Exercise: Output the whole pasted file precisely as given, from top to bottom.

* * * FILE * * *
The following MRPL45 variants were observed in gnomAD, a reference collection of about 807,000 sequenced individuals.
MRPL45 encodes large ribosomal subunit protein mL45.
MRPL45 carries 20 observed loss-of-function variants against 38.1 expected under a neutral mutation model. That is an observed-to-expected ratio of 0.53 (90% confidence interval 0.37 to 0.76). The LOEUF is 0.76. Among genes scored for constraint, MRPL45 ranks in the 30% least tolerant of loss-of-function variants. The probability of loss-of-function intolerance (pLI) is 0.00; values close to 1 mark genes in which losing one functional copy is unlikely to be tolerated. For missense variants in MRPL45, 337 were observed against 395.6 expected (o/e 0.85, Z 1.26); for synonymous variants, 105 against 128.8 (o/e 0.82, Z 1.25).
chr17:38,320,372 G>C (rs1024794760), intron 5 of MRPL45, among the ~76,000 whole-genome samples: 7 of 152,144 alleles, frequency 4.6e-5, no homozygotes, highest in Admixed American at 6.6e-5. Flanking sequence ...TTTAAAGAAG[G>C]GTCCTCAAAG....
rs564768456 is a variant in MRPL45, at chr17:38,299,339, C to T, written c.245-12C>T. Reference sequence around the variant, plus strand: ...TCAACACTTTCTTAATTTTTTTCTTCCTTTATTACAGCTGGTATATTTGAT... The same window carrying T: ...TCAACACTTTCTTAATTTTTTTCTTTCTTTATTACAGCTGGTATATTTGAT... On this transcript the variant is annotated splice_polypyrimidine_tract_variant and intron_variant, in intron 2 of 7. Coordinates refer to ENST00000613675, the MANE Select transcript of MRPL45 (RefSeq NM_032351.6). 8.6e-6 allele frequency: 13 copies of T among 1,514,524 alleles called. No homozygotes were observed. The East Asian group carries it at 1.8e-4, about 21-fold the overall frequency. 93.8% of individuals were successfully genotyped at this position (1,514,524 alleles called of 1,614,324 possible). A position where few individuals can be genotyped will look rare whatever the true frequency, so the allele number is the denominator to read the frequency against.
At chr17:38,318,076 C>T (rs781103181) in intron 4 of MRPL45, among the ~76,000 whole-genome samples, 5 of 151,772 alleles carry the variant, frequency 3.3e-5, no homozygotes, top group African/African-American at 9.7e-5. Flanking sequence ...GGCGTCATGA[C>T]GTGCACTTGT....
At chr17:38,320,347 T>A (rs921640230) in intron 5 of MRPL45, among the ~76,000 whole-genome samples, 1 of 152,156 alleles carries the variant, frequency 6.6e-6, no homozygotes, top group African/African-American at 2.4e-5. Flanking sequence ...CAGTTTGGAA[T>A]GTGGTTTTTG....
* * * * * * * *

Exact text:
The following MRPL45 variants were observed in gnomAD, a reference collection of about 807,000 sequenced individuals.
MRPL45 encodes large ribosomal subunit protein mL45.
MRPL45 carries 20 observed loss-of-function variants against 38.1 expected under a neutral mutation model. That is an observed-to-expected ratio of 0.53 (90% confidence interval 0.37 to 0.76). The LOEUF is 0.76. Among genes scored for constraint, MRPL45 ranks in the 30% least tolerant of loss-of-function variants. The probability of loss-of-function intolerance (pLI) is 0.00; values close to 1 mark genes in which losing one functional copy is unlikely to be tolerated. For missense variants in MRPL45, 337 were observed against 395.6 expected (o/e 0.85, Z 1.26); for synonymous variants, 105 against 128.8 (o/e 0.82, Z 1.25).
chr17:38,320,372 G>C (rs1024794760), intron 5 of MRPL45, among the ~76,000 whole-genome samples: 7 of 152,144 alleles, frequency 4.6e-5, no homozygotes, highest in Admixed American at 6.6e-5. Flanking sequence ...TTTAAAGAAG[G>C]GTCCTCAAAG....
rs564768456 is a variant in MRPL45, at chr17:38,299,339, C to T, written c.245-12C>T. Reference sequence around the variant, plus strand: ...TCAACACTTTCTTAATTTTTTTCTTCCTTTATTACAGCTGGTATATTTGAT... The same window carrying T: ...TCAACACTTTCTTAATTTTTTTCTTTCTTTATTACAGCTGGTATATTTGAT... On this transcript the variant is annotated splice_polypyrimidine_tract_variant and intron_variant, in intron 2 of 7. Coordinates refer to ENST00000613675, the MANE Select transcript of MRPL45 (RefSeq NM_032351.6). 8.6e-6 allele frequency: 13 copies of T among 1,514,524 alleles called. No homozygotes were observed. The East Asian group carries it at 1.8e-4, about 21-fold the overall frequency. 93.8% of individuals were successfully genotyped at this position (1,514,524 alleles called of 1,614,324 possible). A position where few individuals can be genotyped will look rare whatever the true frequency, so the allele number is the denominator to read the frequency against.
At chr17:38,318,076 C>T (rs781103181) in intron 4 of MRPL45, among the ~76,000 whole-genome samples, 5 of 151,772 alleles carry the variant, frequency 3.3e-5, no homozygotes, top group African/African-American at 9.7e-5. Flanking sequence ...GGCGTCATGA[C>T]GTGCACTTGT....
At chr17:38,320,347 T>A (rs921640230) in intron 5 of MRPL45, among the ~76,000 whole-genome samples, 1 of 152,156 alleles carries the variant, frequency 6.6e-6, no homozygotes, top group African/African-American at 2.4e-5. Flanking sequence ...CAGTTTGGAA[T>A]GTGGTTTTTG....